After a single, career-minded woman is left on her own to give birth to the child of a married man, she finds a new romantic chance in a cab driver. Meanwhile, the point-of-view of the newborn boy is narrated through voice-over.
In 1978, in Broadway, the decadent and narcissist actress Madeline Ashton is performing Songbird, based on Tennessee Williams' Sweet Bird of Youth. Then she receives her rival Helen Sharp, who is an aspiring writer, and her fiancé Ernest Menville, who is a plastic surgeon, in her dressing-room. Soon Menville calls off his commitment with Helen and marries Madeline. Seven years later, Helen is obese in a psychiatric hospital and obsessed in seeking revenge on Madeline. In 1992, the marriage of Madeline and Menville is finished and he is no longer a surgeon but an alcoholic caretaker. Out of the blue, they are invited to a party where Helen will release her novel Forever Young and Madeline goes to a beauty shop. The owner gives a business card of the specialist in rejuvenation Lisle Von Rhuman to her. When the envious Madeline sees Helen thin in a perfect shape, she decides to seek out Lisle and buys a potion to become young again. Further, she advises that Madeline must take care of ...Written by
Claudio Carvalho, Rio de Janeiro, Brazil
When Helen comes to the mansion to speak with Ernest, and tells him she has changed from the woman he once knew - telling him she can say the words "sexy" and "sex" - she has red lipstick on her top teeth the whole time. See more »
When Madeline and Helen meet in Madeline's dressing room, they kiss one another on the cheek. Madeline leaves a large bright red lip print on Helen's upper cheek. In the next shot, the print has moved down toward her chin area. See more »
[leaving the theatre in the rain]
Can you believe that? A musical version of "Sweet Bird of Youth."Who are they kidding?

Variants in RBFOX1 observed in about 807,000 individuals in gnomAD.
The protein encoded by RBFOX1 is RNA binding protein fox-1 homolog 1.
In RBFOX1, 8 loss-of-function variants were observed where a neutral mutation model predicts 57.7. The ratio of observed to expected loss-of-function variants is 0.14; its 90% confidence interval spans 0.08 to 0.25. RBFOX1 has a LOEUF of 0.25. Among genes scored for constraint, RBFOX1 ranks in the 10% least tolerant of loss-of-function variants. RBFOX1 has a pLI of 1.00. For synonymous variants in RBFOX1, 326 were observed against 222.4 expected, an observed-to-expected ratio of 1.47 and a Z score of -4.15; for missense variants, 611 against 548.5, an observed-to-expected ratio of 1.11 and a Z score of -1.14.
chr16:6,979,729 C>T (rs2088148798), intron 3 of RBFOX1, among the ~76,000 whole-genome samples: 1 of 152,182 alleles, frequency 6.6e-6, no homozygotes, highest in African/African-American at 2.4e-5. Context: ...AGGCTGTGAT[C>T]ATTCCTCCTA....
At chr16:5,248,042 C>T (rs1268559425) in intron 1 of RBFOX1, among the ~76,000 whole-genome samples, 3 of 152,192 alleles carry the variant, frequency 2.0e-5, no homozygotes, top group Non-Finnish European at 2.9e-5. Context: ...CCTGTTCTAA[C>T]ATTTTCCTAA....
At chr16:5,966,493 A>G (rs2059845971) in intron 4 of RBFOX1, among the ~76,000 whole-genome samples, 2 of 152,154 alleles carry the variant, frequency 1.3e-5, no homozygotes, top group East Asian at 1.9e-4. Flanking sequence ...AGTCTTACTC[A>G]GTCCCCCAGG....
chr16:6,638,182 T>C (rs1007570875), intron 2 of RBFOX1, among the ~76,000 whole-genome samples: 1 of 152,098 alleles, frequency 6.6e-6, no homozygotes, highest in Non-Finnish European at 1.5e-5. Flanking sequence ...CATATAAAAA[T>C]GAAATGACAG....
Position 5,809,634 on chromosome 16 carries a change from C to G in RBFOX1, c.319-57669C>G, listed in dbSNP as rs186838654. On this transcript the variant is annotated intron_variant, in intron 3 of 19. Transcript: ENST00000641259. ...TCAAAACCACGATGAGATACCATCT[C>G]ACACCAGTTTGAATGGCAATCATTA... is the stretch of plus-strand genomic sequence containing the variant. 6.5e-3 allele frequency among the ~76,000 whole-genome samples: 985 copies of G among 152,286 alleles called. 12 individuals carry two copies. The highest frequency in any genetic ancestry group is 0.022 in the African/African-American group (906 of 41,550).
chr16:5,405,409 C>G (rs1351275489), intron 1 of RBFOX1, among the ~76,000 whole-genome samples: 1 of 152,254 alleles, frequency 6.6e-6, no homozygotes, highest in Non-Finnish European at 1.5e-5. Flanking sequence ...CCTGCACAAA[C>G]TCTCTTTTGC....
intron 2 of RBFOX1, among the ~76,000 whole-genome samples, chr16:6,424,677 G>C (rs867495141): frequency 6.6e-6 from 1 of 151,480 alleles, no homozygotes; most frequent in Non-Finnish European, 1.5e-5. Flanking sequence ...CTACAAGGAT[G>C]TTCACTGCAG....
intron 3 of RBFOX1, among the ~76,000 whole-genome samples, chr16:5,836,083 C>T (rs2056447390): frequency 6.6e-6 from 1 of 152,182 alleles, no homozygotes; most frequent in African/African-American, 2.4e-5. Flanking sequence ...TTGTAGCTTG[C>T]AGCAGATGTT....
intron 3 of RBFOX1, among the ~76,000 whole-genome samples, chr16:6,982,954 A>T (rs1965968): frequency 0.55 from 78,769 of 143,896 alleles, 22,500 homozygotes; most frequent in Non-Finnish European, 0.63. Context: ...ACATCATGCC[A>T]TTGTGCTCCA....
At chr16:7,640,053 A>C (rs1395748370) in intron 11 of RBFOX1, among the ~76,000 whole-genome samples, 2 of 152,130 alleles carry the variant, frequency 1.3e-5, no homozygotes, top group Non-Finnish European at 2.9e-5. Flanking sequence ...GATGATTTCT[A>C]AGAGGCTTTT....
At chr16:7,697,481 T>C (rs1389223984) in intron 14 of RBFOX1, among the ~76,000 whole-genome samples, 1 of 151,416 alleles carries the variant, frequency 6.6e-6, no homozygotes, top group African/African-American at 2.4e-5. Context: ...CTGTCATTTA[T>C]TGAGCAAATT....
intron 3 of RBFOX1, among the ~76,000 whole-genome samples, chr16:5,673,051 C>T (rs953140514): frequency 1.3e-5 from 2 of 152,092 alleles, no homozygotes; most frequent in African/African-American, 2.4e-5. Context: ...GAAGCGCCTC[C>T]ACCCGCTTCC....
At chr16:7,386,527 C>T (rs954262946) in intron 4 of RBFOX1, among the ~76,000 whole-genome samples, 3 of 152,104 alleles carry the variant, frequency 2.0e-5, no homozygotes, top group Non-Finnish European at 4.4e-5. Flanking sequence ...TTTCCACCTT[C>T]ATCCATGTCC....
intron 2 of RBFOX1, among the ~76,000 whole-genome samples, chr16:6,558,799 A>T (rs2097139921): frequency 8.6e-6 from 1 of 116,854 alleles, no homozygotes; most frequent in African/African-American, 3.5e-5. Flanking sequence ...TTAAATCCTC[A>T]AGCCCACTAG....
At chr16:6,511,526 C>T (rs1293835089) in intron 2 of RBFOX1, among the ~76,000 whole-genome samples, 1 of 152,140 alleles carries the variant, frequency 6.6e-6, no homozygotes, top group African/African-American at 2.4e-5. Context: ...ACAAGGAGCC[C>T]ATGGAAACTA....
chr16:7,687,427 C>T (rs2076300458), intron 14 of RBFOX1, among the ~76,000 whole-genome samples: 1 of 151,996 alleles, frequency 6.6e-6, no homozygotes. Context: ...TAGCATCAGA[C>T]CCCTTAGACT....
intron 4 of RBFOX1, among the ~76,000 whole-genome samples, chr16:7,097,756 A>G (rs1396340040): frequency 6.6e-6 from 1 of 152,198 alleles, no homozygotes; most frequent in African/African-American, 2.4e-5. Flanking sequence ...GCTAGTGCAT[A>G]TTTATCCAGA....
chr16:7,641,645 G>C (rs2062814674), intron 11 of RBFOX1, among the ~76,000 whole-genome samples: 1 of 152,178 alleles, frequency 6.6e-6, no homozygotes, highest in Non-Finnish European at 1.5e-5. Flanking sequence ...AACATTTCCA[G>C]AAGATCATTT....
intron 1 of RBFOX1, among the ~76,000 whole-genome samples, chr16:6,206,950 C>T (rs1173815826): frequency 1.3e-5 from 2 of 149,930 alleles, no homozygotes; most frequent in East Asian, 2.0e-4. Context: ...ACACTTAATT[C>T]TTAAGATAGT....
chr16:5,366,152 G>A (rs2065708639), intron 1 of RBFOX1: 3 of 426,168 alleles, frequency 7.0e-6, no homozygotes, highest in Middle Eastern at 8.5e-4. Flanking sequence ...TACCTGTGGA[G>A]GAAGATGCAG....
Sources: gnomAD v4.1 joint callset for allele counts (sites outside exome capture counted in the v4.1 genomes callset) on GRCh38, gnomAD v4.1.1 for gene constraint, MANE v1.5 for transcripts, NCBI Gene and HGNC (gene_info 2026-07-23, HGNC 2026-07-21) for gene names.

Thank God you wanted to leave...
Can you believe Madeline Ashton? Talk about waking the dead.
I gotta get a drink...
[zoom in on discarded playbill featuring Madeline Ashton]
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The oldest story in the book put in a revolutionary way
We all want to stay beautiful and young; the desire that only gets stronger as we grow older and weaker. True, there's the pilates and avocado salads, but what if you could have it all just by taking a shot? You'd take it, I bet you would. I would. As the society of today is only getting more and more paranoid and fixated on the culture of youth, this movie's message should only get more important. We are not that far away from creating the potion of eternal youth, and surely we're far closer than we were in 1992 when the movie was made. And the questions posed by the makers, and even answered by them in the very next lines, should only be remembered fonder: what do we get if we erase a part of life, the death, from the process of life? What will really happen? Sure, this movie is a comedy: a black comedy of course, but still a comedy, not too be taken too seriously and surely not a motto to live your life by. And yet, I can't shake the feeling that the creators had a more significant message to portray, other than "don't shoot your friend in the stomach after drinking the potion or she'll be saying goodbye to bikinis forever". "Death Becomes Her" is one of those movies that guarantee great entertainment (but it's kind of a given with Streep, Hawn and Willis as the top three) and on top of it all, give you something to think about, even merely 17 years after it's been released.
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